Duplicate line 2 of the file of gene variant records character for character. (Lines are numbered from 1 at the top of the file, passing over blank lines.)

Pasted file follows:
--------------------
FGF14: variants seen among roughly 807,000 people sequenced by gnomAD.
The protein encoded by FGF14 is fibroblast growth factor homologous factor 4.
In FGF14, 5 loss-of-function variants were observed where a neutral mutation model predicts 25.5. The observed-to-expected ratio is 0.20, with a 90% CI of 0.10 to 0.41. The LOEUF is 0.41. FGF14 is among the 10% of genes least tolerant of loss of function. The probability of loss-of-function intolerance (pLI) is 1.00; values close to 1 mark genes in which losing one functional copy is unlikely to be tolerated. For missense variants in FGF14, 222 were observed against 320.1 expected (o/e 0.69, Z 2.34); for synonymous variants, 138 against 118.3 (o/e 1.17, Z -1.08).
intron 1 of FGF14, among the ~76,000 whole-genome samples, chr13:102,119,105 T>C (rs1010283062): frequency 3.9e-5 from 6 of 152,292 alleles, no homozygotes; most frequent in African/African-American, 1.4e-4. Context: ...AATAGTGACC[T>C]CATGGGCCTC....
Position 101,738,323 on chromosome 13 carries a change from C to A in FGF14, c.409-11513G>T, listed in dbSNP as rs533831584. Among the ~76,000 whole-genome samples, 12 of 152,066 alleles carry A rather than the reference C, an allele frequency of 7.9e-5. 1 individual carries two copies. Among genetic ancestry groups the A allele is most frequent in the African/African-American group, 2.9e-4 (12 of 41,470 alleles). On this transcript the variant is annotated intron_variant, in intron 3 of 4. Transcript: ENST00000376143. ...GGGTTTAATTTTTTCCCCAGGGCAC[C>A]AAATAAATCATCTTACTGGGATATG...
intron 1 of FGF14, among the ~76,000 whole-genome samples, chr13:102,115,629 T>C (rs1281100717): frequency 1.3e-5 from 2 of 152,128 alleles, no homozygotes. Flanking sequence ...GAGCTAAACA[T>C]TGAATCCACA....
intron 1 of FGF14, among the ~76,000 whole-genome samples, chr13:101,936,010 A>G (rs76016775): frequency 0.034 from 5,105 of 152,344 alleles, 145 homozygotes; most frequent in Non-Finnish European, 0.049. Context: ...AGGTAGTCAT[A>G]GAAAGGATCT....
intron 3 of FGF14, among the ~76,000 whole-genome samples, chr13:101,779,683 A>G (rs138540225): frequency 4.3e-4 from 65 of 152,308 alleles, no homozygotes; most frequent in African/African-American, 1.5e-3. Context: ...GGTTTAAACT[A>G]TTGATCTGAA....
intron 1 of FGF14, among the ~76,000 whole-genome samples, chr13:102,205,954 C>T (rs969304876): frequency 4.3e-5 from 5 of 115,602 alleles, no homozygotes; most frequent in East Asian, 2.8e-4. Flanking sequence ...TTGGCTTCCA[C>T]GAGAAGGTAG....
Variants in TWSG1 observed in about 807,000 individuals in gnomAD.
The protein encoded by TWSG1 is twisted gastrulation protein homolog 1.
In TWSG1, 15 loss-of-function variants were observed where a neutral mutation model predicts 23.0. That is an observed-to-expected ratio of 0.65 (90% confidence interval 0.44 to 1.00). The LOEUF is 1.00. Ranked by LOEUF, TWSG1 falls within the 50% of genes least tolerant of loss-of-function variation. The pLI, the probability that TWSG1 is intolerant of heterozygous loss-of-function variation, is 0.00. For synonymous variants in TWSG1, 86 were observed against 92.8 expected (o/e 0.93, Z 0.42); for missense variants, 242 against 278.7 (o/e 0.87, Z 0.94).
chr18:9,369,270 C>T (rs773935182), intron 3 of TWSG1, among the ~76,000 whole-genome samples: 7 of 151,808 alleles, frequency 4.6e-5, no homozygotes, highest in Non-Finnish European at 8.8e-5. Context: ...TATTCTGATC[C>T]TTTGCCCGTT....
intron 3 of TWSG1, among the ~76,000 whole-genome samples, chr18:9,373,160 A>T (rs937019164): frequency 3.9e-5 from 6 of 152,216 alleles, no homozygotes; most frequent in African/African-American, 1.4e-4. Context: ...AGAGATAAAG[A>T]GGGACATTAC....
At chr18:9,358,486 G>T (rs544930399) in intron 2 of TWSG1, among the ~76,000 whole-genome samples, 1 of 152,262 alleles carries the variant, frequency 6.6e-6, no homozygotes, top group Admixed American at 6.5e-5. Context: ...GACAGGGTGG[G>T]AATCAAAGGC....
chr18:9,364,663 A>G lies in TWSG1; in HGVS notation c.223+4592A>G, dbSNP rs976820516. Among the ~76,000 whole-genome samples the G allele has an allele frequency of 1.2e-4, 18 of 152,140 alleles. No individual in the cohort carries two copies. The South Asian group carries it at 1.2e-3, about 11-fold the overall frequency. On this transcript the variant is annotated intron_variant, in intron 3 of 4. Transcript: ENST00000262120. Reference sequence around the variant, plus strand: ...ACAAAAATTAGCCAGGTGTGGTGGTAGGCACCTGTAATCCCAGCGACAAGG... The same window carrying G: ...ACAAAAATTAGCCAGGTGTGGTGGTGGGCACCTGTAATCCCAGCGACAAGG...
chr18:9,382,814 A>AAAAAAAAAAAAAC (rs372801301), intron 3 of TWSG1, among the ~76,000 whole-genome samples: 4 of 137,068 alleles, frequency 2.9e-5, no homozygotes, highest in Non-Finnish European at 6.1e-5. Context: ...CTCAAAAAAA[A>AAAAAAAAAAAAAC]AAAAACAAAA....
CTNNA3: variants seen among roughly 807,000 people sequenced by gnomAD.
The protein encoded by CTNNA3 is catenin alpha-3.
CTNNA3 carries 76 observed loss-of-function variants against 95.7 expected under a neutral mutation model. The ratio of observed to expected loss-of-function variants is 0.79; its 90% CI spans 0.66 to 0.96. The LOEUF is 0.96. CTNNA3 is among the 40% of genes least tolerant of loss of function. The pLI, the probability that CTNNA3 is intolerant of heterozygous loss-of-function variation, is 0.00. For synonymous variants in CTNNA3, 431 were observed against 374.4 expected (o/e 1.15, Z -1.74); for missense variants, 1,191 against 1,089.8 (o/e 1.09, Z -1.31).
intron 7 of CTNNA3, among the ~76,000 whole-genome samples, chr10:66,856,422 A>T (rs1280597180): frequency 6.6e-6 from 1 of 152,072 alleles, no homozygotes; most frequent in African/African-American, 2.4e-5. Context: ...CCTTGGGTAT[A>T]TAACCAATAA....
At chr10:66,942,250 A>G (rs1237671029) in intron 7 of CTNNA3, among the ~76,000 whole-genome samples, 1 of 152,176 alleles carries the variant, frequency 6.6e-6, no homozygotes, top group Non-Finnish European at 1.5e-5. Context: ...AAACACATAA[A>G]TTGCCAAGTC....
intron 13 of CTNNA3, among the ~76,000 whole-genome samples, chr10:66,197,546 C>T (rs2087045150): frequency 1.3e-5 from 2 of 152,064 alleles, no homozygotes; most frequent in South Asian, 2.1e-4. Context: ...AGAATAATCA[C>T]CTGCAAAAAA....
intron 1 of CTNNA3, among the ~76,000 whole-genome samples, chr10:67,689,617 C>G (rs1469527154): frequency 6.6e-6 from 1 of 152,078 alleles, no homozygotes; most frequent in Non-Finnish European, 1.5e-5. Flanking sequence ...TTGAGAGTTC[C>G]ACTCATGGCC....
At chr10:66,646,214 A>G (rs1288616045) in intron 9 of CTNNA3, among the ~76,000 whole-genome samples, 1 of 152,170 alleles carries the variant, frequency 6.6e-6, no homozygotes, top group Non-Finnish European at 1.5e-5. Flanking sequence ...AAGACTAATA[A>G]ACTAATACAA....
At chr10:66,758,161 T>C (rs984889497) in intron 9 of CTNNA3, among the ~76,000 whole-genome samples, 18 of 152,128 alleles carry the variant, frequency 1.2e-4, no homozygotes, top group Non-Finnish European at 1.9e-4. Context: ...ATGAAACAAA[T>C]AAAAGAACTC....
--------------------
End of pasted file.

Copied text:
The protein encoded by FGF14 is fibroblast growth factor homologous factor 4.